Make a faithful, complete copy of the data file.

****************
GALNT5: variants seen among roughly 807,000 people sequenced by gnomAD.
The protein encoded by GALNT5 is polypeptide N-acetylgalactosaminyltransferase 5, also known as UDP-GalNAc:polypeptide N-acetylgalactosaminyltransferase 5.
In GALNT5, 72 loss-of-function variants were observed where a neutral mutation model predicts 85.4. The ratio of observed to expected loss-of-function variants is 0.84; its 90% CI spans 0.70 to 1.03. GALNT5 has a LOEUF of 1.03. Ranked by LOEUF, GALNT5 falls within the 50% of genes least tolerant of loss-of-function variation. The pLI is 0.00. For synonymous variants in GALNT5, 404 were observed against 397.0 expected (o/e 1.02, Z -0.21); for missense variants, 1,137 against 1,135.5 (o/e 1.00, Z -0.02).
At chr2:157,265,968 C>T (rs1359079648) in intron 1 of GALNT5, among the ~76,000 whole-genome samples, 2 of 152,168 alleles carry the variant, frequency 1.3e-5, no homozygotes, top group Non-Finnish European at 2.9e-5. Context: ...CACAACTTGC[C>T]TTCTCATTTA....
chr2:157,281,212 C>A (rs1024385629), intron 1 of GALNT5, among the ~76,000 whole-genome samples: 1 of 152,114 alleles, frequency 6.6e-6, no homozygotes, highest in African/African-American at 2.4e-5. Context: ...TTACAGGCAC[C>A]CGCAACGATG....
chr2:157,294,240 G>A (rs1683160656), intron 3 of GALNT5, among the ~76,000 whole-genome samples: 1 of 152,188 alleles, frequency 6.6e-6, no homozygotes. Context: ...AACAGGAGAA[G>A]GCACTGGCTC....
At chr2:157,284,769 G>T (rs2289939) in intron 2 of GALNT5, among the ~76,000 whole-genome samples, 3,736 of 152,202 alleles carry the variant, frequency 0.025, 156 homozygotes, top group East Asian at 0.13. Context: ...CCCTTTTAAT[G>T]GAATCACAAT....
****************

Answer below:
GALNT5: variants seen among roughly 807,000 people sequenced by gnomAD.
The protein encoded by GALNT5 is polypeptide N-acetylgalactosaminyltransferase 5, also known as UDP-GalNAc:polypeptide N-acetylgalactosaminyltransferase 5.
In GALNT5, 72 loss-of-function variants were observed where a neutral mutation model predicts 85.4. The ratio of observed to expected loss-of-function variants is 0.84; its 90% CI spans 0.70 to 1.03. GALNT5 has a LOEUF of 1.03. Ranked by LOEUF, GALNT5 falls within the 50% of genes least tolerant of loss-of-function variation. The pLI is 0.00. For synonymous variants in GALNT5, 404 were observed against 397.0 expected (o/e 1.02, Z -0.21); for missense variants, 1,137 against 1,135.5 (o/e 1.00, Z -0.02).
At chr2:157,265,968 C>T (rs1359079648) in intron 1 of GALNT5, among the ~76,000 whole-genome samples, 2 of 152,168 alleles carry the variant, frequency 1.3e-5, no homozygotes, top group Non-Finnish European at 2.9e-5. Context: ...CACAACTTGC[C>T]TTCTCATTTA....
chr2:157,281,212 C>A (rs1024385629), intron 1 of GALNT5, among the ~76,000 whole-genome samples: 1 of 152,114 alleles, frequency 6.6e-6, no homozygotes, highest in African/African-American at 2.4e-5. Context: ...TTACAGGCAC[C>A]CGCAACGATG....
chr2:157,294,240 G>A (rs1683160656), intron 3 of GALNT5, among the ~76,000 whole-genome samples: 1 of 152,188 alleles, frequency 6.6e-6, no homozygotes. Context: ...AACAGGAGAA[G>A]GCACTGGCTC....
At chr2:157,284,769 G>T (rs2289939) in intron 2 of GALNT5, among the ~76,000 whole-genome samples, 3,736 of 152,202 alleles carry the variant, frequency 0.025, 156 homozygotes, top group East Asian at 0.13. Context: ...CCCTTTTAAT[G>T]GAATCACAAT....